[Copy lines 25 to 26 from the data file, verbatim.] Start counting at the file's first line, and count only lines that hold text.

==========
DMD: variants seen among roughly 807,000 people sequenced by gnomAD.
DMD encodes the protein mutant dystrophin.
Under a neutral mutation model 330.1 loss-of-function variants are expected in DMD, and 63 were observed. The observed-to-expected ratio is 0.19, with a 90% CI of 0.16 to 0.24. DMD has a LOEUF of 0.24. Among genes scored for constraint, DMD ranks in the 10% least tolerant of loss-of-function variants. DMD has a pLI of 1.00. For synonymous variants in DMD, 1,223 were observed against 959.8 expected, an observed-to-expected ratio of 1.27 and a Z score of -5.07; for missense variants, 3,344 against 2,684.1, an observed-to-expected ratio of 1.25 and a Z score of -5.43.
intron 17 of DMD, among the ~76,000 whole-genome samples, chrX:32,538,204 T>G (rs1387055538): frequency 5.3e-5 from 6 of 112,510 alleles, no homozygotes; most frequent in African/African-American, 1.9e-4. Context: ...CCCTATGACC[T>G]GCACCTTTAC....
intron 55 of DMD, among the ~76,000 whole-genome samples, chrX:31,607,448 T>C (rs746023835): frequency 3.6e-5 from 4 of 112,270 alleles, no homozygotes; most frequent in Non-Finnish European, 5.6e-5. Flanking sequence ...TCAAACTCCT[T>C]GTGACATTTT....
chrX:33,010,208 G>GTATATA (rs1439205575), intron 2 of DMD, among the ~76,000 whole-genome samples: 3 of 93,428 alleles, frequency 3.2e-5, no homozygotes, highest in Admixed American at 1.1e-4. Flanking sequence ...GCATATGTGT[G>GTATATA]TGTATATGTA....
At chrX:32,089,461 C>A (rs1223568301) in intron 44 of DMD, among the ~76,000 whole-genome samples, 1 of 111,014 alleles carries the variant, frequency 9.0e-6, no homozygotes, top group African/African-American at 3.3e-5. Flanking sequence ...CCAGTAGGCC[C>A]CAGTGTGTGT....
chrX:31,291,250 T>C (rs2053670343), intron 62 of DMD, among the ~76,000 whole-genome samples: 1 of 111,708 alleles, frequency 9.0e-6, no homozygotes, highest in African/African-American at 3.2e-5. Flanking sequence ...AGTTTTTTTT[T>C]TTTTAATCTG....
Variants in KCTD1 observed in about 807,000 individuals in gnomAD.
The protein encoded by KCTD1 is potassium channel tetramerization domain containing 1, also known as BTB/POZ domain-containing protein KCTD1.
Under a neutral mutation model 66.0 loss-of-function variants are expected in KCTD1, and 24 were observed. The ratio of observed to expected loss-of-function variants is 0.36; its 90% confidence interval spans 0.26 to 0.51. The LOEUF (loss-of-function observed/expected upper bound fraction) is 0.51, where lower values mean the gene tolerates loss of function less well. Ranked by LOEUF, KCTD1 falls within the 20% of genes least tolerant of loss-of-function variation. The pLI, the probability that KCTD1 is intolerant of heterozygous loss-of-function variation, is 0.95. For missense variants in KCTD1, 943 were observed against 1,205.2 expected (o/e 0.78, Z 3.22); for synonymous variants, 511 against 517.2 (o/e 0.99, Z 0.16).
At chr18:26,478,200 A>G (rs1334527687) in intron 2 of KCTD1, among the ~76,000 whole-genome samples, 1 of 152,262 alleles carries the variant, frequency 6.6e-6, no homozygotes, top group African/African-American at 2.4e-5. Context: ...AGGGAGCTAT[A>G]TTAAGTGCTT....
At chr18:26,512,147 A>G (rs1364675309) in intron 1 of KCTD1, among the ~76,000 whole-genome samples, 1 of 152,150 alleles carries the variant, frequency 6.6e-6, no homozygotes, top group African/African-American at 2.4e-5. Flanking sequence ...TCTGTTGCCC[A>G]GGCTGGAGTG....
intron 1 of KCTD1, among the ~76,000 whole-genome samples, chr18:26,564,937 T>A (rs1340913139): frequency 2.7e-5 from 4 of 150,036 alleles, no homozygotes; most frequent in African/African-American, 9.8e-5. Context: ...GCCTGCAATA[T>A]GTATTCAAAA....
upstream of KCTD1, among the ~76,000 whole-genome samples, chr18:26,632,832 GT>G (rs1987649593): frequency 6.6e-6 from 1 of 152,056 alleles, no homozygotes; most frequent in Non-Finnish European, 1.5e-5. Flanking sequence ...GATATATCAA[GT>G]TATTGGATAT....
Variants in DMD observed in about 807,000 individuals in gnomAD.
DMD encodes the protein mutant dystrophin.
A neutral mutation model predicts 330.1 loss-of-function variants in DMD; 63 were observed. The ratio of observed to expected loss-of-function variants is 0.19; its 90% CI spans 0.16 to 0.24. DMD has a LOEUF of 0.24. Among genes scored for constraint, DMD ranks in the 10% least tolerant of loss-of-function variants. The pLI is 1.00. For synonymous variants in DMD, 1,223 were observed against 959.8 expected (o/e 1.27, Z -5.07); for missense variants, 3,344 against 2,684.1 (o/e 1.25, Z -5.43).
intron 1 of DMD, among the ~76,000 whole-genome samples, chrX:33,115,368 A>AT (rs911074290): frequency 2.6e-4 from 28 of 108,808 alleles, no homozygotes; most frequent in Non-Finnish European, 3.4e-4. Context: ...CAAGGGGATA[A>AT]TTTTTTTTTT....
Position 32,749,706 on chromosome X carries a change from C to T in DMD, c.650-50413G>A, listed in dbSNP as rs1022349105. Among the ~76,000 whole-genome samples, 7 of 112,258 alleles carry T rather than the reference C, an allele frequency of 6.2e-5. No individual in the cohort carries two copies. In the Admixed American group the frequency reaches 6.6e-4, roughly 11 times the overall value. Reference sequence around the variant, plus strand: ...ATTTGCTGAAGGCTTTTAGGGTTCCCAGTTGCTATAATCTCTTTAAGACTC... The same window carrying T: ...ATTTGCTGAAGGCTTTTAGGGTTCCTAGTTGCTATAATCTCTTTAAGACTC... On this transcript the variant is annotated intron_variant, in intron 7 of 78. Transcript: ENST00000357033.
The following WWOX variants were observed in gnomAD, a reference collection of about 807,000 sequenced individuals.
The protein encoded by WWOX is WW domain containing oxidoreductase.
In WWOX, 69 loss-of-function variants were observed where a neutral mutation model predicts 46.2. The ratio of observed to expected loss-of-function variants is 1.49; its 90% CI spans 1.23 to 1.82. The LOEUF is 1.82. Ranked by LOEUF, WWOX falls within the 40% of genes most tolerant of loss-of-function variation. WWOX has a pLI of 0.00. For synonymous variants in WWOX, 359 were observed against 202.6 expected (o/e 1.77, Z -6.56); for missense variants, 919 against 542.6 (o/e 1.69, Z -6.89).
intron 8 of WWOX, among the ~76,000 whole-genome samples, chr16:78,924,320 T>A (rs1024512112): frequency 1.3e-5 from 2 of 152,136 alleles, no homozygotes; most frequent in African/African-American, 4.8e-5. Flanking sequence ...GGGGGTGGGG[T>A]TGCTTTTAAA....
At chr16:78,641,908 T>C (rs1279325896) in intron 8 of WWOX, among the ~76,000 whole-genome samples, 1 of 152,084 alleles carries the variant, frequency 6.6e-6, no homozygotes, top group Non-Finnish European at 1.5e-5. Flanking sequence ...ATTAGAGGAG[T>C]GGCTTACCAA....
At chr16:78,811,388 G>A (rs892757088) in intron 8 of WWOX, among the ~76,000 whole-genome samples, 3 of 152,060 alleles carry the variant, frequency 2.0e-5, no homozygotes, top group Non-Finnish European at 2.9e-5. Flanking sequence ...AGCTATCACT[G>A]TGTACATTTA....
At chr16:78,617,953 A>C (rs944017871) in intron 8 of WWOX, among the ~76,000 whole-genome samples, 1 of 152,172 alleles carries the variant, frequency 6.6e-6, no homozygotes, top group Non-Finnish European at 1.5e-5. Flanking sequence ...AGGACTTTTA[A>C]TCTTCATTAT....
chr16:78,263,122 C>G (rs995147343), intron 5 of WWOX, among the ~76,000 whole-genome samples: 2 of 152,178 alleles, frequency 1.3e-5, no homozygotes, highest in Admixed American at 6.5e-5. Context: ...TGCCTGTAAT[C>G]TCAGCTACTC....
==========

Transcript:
At chr16:78,641,908 T>C (rs1279325896) in intron 8 of WWOX, among the ~76,000 whole-genome samples, 1 of 152,084 alleles carries the variant, frequency 6.6e-6, no homozygotes, top group Non-Finnish European at 1.5e-5. Flanking sequence ...ATTAGAGGAG[T>C]GGCTTACCAA....
At chr16:78,811,388 G>A (rs892757088) in intron 8 of WWOX, among the ~76,000 whole-genome samples, 3 of 152,060 alleles carry the variant, frequency 2.0e-5, no homozygotes, top group Non-Finnish European at 2.9e-5. Flanking sequence ...AGCTATCACT[G>A]TGTACATTTA....